They play in the nation's 4th largest television market.
They have one of the most compelling lineups in baseball in the last generation, from a slugger in Ryan Howard who is literally producing Ruthian statistics to your classic all-around sparkplugs in Jimmy Rollins and Chase Utley to an ace pitcher from central casting -- Hollywood good looks included -- in Cole Hamels.
Most importantly, they are -- to paraphrase Utley ever so slighty -- the world freakin' champions of baseball.
So why does Major League Baseball -- and the TV executives behind the curtain calling the shots -- insult you and me and every other Phillies fan by yet again by declaring that the defending world champs are not ready for primetime. The much-anticipated schedule for the Phillies first three playoff games against the Colorado Rockies has just been released, and I think it's an insult.
Two weekday afternoon (2:37 p.m.) games -- the lowest rated, low-profile time slot, when most of the fans who dinged the turnstiles at Citizens Bank Park an amazing 3.6 million times this year will be at work or trying to wrap up their school day. Followed by a Saturday night game that starts at 9:37 p.m. (who comes up with these times?), which is great for the Phillies' beer-chugging College Night contingent but ensures that the team's youngest fans -- the ones needed to keep baseball going into the late 21st Century -- won't stay up to see the end of the game, which could come close to 1 in the morning thanks to the slow pace of playoff baseball.
You know, it's nauseating how Manhattan-based TV World -- the next-door neighbors and prime bankrollers of Major League Baseball -- impose their Yankees-v.-Red-Sox-centric view of baseball on the rest of America. Sure, there've been some good times in Fenway and the House that Ruth Built and now the House that Plutonomy (look it up) Built, but...enough already! How many Octobers must we be forced to watch A-Rod bouncing back to the pitcher with the bases loaded? Meanwhile, interesting teams and interesting players from around the rest of America get the shaft -- even if they're the defending world champions.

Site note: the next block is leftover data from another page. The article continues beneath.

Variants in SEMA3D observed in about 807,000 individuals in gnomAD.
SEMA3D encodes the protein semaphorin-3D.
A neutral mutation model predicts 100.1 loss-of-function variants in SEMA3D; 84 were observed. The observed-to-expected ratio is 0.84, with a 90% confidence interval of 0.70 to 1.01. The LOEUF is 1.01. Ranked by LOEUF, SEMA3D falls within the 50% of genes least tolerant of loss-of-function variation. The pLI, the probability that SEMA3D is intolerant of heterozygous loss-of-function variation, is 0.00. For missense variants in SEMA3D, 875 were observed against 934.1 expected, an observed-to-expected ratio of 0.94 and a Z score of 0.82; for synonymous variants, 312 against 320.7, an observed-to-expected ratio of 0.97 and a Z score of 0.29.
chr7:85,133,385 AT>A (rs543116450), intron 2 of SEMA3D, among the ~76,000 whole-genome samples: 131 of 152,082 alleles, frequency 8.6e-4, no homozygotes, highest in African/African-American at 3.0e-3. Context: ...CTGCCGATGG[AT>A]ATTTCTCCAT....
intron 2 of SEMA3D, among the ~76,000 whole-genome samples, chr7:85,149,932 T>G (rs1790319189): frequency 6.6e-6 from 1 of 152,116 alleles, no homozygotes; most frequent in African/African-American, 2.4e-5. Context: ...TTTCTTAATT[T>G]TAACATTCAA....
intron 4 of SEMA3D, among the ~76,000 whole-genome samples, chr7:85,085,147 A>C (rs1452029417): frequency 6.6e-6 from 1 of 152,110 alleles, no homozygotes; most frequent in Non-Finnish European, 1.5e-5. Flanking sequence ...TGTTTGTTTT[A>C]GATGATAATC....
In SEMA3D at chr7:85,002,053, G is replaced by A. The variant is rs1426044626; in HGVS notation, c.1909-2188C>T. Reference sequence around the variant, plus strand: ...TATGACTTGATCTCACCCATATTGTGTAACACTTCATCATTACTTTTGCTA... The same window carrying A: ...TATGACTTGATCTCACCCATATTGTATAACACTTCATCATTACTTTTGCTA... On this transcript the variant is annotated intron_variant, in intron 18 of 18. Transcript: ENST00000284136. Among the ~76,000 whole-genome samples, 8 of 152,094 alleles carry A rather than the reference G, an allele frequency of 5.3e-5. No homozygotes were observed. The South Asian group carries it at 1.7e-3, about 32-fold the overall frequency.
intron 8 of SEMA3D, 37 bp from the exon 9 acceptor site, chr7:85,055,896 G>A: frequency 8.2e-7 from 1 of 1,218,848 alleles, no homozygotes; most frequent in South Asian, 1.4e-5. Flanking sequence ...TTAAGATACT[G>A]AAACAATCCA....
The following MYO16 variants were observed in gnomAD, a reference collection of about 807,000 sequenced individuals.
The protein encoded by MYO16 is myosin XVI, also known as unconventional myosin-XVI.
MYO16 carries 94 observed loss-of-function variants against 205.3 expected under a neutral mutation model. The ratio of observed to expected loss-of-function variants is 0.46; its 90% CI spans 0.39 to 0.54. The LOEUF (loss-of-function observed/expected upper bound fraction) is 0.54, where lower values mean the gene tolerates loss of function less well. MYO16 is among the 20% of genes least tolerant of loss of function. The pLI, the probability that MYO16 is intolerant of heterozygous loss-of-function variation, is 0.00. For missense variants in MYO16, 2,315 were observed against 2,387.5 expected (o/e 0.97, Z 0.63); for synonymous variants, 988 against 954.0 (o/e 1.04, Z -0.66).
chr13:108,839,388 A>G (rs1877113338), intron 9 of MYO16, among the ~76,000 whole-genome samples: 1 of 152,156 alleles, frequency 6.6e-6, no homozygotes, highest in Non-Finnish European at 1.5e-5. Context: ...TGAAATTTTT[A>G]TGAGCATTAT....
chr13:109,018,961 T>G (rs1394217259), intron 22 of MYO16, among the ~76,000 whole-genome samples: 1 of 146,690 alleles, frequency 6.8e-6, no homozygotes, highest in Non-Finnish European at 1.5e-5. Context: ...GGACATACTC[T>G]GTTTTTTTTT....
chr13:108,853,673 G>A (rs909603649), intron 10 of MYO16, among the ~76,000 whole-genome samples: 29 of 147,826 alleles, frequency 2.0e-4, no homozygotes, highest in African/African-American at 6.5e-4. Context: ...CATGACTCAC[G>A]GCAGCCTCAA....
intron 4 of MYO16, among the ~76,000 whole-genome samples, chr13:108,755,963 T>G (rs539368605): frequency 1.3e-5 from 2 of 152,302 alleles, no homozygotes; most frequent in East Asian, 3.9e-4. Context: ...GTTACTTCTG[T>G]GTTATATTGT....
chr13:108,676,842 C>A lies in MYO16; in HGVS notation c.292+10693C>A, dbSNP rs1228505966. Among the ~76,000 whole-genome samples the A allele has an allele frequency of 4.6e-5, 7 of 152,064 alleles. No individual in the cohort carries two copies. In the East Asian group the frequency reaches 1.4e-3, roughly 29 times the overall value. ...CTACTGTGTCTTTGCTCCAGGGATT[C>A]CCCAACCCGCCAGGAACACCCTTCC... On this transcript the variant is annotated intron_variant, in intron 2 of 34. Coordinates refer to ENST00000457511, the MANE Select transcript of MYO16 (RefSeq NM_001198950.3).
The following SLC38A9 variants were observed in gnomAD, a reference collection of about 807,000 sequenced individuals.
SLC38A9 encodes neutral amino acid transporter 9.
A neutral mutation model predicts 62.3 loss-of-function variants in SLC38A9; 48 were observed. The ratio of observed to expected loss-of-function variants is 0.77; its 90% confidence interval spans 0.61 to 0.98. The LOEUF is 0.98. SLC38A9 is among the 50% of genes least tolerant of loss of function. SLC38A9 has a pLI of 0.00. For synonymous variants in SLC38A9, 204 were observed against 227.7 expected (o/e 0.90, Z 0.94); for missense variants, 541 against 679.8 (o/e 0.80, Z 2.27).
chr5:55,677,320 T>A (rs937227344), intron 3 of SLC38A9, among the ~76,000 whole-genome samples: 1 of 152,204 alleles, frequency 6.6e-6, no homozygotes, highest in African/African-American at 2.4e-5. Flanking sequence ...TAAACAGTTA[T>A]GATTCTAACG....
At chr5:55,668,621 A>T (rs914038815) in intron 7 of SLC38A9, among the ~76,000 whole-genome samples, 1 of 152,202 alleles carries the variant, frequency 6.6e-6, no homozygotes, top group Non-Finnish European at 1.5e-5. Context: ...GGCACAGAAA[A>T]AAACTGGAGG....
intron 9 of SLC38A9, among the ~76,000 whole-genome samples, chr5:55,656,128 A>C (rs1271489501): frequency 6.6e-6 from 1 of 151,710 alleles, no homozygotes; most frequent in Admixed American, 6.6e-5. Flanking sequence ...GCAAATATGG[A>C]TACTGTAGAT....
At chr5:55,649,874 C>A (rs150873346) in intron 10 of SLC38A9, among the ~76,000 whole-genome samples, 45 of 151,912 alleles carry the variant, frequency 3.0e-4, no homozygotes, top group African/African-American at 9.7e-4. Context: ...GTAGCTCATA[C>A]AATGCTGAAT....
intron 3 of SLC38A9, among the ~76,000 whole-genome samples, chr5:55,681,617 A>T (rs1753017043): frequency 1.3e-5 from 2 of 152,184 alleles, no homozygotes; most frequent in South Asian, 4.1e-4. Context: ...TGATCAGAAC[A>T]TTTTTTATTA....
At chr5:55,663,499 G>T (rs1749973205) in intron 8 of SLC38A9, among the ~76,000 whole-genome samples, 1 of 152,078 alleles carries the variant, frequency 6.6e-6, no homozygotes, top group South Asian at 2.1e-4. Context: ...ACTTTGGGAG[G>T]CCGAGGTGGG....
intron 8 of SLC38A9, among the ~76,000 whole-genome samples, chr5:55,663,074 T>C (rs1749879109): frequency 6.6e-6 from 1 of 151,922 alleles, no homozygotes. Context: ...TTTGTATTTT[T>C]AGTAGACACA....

You could make the case that while the vast majority of fans -- certainly 9-to-5 workers -- are shafted by the first-round schedule, there's something romantic about day baseball in October. Sure -- but this isn't even about that, really. It's all about R-E-S-P-E-C-T. I hope the Phillies' players feel the same way that their fans do about getting dissed by national TV, and whack this demeaning schedule 450 feet off MLB's proverbial right-field scoreboard. Winning is the best revenge and in this case the only revenge -- especially while the Moet champagne on ice in those Madoff-sized luxury suites up in Yankee Stadium goes flat for yet another year.